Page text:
If you say you “speak” a language, this can be anything from being confused for a native, to having just a few words or sentences. Hell, even a parrot can speak! It doesn't actually mean anything in terms of language level or actual comprehension. So no matter how great or how miserably I do in this mission I will “speak” something at the end of it.

More specifically, I am aiming to speak basic to lower intermediate Thai in the 8 weeks I'm there; asking directions, ordering food, basic small talk and haggling etc. and getting the gist of typical responses, without relying on my phrasebook.

I would push this goal up higher, but as well as the difficulty of the tones and reading part, I've decided to go south to the islands, rather than north where I'd be immersed much more and not speak any English; by far the best way to learn a language quickly. I'm told that the south is much more touristy, and I am very honestly telling you that I am not going for an “authentic” experience in just 8 weeks, having never been there before and feeling in the mood to relax a little.

Most of the rest of 2010 will involve me being immersed in cultures and avoiding English speakers, and going for even harder goals than this one. So I'm going to take it easy in Thailand, live on a beach, get regular cheap massages (and, unfortunately, work full time), hang out with both Thais and other tourists and party :).

At the end of my stay I'll make a short video entirely in Thai, so any curious readers of the blog can hear how I'm speaking.

I'll be in Bangkok for my first days and will investigate where to go to from there.

Can it be done?

Despite the fact that I am being upfront now about the fact that I will be a “tourist” in Thailand, I plan on putting a lot of work into the tones, and understanding the writing system and I'm fully aware of the fact that this will be hard work.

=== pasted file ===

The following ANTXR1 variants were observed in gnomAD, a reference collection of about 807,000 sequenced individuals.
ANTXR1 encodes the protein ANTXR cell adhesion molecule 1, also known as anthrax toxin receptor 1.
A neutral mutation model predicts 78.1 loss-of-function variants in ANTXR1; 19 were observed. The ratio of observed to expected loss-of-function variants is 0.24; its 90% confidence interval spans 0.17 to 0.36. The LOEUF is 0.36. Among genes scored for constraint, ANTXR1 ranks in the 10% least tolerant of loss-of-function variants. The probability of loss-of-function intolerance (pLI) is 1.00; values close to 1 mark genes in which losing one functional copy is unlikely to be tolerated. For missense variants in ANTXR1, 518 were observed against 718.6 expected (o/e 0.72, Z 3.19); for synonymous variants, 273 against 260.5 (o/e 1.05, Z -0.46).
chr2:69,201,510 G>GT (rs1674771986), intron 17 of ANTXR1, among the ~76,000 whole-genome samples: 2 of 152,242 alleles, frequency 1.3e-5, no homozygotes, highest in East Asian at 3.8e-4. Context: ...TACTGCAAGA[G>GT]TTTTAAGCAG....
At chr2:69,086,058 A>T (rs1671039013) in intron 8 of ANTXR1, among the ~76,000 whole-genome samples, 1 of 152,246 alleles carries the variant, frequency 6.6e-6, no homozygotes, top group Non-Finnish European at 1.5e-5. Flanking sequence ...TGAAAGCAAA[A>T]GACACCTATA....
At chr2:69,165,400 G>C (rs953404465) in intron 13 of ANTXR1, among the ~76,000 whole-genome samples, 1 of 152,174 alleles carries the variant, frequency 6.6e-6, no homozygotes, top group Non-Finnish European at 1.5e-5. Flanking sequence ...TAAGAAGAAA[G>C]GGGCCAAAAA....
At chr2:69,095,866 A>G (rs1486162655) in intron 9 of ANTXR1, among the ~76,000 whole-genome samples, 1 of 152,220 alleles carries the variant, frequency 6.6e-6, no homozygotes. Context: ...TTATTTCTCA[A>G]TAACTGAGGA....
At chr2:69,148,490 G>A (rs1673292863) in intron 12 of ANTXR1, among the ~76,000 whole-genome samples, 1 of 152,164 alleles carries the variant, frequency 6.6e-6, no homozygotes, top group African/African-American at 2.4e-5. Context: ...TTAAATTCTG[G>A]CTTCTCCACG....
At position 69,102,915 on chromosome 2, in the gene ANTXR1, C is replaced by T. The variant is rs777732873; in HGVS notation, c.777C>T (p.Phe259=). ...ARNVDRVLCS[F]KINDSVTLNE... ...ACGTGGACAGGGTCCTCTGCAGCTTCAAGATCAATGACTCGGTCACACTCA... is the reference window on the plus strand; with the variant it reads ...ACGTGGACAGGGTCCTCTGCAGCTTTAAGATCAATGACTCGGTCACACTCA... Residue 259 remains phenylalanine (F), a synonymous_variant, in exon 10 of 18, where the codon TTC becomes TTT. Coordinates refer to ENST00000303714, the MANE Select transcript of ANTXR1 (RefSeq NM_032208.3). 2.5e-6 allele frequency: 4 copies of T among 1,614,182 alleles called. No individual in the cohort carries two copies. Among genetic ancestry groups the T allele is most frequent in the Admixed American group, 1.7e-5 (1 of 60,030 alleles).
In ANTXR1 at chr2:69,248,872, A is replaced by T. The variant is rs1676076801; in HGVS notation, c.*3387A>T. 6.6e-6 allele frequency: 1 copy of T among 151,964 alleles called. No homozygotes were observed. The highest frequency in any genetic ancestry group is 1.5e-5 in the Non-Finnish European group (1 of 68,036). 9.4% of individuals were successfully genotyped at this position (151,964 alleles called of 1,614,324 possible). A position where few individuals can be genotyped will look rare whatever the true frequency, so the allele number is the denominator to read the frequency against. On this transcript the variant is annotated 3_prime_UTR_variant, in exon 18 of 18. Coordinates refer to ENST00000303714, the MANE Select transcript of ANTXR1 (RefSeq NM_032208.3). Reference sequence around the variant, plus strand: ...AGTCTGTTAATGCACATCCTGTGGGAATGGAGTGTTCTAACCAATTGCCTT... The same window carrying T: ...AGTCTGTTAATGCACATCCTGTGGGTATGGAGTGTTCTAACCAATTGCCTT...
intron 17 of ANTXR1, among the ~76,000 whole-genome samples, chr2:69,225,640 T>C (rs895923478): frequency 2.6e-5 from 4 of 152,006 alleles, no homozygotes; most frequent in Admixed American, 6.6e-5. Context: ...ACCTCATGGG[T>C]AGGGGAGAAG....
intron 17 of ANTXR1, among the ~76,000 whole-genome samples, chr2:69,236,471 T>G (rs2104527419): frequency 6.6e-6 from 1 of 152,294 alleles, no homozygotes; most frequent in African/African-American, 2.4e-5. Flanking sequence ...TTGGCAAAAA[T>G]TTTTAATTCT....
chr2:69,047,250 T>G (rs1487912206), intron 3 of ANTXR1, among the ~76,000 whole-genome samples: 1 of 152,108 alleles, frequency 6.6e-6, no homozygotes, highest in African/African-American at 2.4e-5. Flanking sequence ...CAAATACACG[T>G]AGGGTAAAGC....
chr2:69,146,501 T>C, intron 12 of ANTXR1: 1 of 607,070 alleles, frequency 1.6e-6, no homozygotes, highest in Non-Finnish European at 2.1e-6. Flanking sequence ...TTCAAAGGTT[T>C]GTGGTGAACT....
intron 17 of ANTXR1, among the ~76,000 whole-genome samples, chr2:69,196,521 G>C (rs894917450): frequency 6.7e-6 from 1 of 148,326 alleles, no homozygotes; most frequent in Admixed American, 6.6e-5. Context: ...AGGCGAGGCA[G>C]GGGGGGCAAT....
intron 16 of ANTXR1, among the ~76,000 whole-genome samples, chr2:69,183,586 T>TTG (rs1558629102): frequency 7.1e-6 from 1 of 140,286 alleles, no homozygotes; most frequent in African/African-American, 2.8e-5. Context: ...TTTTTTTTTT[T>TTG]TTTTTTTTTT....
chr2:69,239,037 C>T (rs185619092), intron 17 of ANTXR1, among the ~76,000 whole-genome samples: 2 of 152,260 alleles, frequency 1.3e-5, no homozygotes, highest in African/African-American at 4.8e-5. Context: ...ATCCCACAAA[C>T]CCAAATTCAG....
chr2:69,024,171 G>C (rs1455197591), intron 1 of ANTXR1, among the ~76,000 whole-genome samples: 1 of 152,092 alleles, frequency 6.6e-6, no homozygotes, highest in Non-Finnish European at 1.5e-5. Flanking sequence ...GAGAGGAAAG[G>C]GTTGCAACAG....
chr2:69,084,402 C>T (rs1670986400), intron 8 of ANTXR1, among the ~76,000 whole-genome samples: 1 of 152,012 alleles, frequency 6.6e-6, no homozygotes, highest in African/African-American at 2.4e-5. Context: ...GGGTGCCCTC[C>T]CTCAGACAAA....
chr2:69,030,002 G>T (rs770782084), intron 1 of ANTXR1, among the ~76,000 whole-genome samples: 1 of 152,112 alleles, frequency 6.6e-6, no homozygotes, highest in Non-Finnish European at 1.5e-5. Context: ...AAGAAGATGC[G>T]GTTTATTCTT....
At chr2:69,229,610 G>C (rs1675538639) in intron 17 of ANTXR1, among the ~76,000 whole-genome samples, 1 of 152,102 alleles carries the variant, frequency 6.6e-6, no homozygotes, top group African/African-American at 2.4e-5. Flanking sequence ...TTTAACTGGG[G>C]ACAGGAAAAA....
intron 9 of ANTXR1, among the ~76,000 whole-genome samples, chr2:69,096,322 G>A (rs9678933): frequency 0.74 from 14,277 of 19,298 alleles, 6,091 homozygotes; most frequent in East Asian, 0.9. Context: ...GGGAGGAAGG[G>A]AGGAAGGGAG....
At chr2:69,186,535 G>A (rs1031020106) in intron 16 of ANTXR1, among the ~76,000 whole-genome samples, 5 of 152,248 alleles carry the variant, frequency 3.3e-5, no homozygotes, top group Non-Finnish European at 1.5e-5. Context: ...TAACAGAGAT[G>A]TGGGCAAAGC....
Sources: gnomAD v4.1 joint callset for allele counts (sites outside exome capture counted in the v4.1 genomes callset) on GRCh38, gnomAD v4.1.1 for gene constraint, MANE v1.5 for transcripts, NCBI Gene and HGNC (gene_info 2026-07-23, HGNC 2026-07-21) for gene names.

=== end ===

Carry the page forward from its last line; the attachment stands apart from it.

Since this is entirely new territory for me, I'll be relying on advice from others to help me (as well as my own experience). For example, Matador recommends that I should get a tutor (I usually prefer to learn almost entirely through active natural application of a language, but I'll make an exception this time), and sing it (music has already hugely helped me to learn other languages; I'll explain how in a later post).

If anyone else has some useful advice, such as image association for the symbols etc. then please do let me know of them!! Otherwise I'll just develop my own method 🙂

Although tones and writing systems are completely different across most Asian languages, I feel that if I can find out how to master them quickly, then I may indeed be able to become fluent in 3 months in other Asian languages.

So this mission is actually a long-term investment for me. I've asked around and those who have learned Asian languages have consistently told me that tones and writing systems are by far the hardest part of those languages to master. So, rather than slowly work my way through a language, I'm going straight to the core of the problem and focusing almost entirely on this “hardest” aspect. If I can indeed master them quickly, then I don't see anything else holding me back, or even holding back anyone else who follows advice from what I've learned, to quickly learn how to speak an Asian language fluently.

If I don't achieve my goal, I'll analyse why and try again later, although as always, I will presume that I'll be successful until proven otherwise 🙂

So, what do you think? Can it be done? Did I set the bar too high? Was 8 weeks way too short a time? Any advice to help me succeed?

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Benny Lewis

Founder, Fluent in 3 Months

Fun-loving Irish guy, full-time globe trotter and international bestselling author. Benny believes the best approach to language learning is to speak from day one.

Speaks: Spanish, French, German, Italian, Portuguese, Esperanto, Mandarin Chinese, American Sign Language, Dutch, Irish